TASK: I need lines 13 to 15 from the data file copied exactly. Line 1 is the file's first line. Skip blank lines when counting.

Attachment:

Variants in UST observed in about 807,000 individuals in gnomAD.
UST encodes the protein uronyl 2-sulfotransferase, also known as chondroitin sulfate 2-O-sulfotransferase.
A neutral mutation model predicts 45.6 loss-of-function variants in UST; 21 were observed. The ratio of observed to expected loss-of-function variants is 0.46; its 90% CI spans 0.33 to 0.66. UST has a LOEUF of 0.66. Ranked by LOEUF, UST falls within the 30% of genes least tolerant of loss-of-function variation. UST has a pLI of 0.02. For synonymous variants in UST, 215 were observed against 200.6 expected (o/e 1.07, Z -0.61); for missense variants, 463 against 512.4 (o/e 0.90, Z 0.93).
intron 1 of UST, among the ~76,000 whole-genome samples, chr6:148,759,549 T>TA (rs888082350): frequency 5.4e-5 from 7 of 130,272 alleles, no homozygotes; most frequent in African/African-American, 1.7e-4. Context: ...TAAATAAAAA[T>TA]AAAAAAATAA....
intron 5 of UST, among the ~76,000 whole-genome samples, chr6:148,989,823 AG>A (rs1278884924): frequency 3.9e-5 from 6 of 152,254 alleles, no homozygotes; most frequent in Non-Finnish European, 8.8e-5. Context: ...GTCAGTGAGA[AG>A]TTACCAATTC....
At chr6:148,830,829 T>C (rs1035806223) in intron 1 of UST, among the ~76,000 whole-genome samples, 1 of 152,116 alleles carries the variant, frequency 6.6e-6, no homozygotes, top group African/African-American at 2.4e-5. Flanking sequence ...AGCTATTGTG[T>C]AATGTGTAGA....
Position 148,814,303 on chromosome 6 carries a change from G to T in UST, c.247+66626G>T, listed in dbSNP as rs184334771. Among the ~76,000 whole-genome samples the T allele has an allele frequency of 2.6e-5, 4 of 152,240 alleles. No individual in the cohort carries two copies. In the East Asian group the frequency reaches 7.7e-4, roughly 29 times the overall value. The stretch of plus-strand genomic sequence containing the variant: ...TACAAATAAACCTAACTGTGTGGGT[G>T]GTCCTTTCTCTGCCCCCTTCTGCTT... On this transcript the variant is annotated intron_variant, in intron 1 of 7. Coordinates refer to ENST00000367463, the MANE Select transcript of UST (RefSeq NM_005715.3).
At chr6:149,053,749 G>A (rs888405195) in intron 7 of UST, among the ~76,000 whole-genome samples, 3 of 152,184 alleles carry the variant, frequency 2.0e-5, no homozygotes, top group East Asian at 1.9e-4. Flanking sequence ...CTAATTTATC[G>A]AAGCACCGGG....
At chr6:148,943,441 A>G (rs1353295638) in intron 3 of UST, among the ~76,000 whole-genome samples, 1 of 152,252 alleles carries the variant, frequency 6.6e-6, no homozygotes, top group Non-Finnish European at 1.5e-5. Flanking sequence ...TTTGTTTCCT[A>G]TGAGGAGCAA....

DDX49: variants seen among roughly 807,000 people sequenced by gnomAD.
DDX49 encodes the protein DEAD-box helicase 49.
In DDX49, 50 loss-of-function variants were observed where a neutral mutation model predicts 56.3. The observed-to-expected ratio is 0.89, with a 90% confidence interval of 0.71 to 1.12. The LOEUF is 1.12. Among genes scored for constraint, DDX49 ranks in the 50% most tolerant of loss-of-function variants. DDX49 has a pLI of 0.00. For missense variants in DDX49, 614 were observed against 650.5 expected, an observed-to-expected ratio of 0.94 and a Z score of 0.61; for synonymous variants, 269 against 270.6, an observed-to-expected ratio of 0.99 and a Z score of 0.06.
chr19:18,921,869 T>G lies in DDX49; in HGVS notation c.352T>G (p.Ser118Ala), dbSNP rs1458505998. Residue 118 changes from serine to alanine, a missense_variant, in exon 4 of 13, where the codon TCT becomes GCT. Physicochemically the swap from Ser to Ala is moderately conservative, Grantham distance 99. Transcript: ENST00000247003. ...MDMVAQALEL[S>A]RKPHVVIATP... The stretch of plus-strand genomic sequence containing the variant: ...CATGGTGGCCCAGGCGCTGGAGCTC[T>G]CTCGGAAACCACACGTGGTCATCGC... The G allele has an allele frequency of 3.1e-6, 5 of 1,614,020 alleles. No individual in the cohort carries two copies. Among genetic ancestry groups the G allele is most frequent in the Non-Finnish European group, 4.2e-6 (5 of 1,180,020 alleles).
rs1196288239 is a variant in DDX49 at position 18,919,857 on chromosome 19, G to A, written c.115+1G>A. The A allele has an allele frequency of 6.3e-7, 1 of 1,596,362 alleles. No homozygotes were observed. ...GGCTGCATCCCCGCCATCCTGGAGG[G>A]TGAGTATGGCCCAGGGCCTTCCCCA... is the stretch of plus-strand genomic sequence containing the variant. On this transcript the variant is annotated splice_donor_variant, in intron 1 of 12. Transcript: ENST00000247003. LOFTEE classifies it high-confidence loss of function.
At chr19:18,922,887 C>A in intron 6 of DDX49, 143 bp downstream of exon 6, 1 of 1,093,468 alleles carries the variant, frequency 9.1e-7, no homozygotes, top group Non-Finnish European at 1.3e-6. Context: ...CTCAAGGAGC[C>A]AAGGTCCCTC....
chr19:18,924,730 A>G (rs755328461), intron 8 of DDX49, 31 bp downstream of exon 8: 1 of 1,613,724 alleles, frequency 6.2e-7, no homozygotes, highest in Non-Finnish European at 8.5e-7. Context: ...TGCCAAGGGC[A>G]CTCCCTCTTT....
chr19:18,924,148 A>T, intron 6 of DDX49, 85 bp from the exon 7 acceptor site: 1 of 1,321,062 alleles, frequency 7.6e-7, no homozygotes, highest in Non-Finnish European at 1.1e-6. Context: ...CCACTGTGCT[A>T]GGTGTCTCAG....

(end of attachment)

chr19:18,921,869 T>G lies in DDX49; in HGVS notation c.352T>G (p.Ser118Ala), dbSNP rs1458505998. Residue 118 changes from serine to alanine, a missense_variant, in exon 4 of 13, where the codon TCT becomes GCT. Physicochemically the swap from Ser to Ala is moderately conservative, Grantham distance 99. Transcript: ENST00000247003. ...MDMVAQALEL[S>A]RKPHVVIATP... The stretch of plus-strand genomic sequence containing the variant: ...CATGGTGGCCCAGGCGCTGGAGCTC[T>G]CTCGGAAACCACACGTGGTCATCGC... The G allele has an allele frequency of 3.1e-6, 5 of 1,614,020 alleles. No individual in the cohort carries two copies. Among genetic ancestry groups the G allele is most frequent in the Non-Finnish European group, 4.2e-6 (5 of 1,180,020 alleles).
rs1196288239 is a variant in DDX49 at position 18,919,857 on chromosome 19, G to A, written c.115+1G>A. The A allele has an allele frequency of 6.3e-7, 1 of 1,596,362 alleles. No homozygotes were observed. ...GGCTGCATCCCCGCCATCCTGGAGG[G>A]TGAGTATGGCCCAGGGCCTTCCCCA... is the stretch of plus-strand genomic sequence containing the variant. On this transcript the variant is annotated splice_donor_variant, in intron 1 of 12. Transcript: ENST00000247003. LOFTEE classifies it high-confidence loss of function.
At chr19:18,922,887 C>A in intron 6 of DDX49, 143 bp downstream of exon 6, 1 of 1,093,468 alleles carries the variant, frequency 9.1e-7, no homozygotes, top group Non-Finnish European at 1.3e-6. Context: ...CTCAAGGAGC[C>A]AAGGTCCCTC....